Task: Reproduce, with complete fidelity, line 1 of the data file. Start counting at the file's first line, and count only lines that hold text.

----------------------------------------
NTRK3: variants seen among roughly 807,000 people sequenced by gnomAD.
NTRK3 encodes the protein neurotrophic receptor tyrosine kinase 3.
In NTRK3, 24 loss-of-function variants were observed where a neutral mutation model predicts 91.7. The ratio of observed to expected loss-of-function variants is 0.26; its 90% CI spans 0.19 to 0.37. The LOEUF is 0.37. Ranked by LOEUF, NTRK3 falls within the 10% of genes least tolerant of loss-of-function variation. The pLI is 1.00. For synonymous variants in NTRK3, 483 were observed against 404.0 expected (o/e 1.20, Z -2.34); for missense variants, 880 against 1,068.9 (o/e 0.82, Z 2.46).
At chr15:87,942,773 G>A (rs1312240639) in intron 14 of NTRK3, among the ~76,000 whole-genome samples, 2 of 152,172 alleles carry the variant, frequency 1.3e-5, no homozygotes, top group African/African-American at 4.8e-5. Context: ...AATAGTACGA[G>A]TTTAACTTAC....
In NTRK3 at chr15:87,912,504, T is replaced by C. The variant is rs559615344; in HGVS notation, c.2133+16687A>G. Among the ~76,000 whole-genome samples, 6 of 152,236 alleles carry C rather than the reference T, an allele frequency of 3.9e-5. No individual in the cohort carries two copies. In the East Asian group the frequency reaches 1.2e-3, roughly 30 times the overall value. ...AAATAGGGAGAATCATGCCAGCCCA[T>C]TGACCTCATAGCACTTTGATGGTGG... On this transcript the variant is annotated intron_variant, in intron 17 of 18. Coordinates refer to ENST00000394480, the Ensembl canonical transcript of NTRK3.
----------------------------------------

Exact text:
NTRK3: variants seen among roughly 807,000 people sequenced by gnomAD.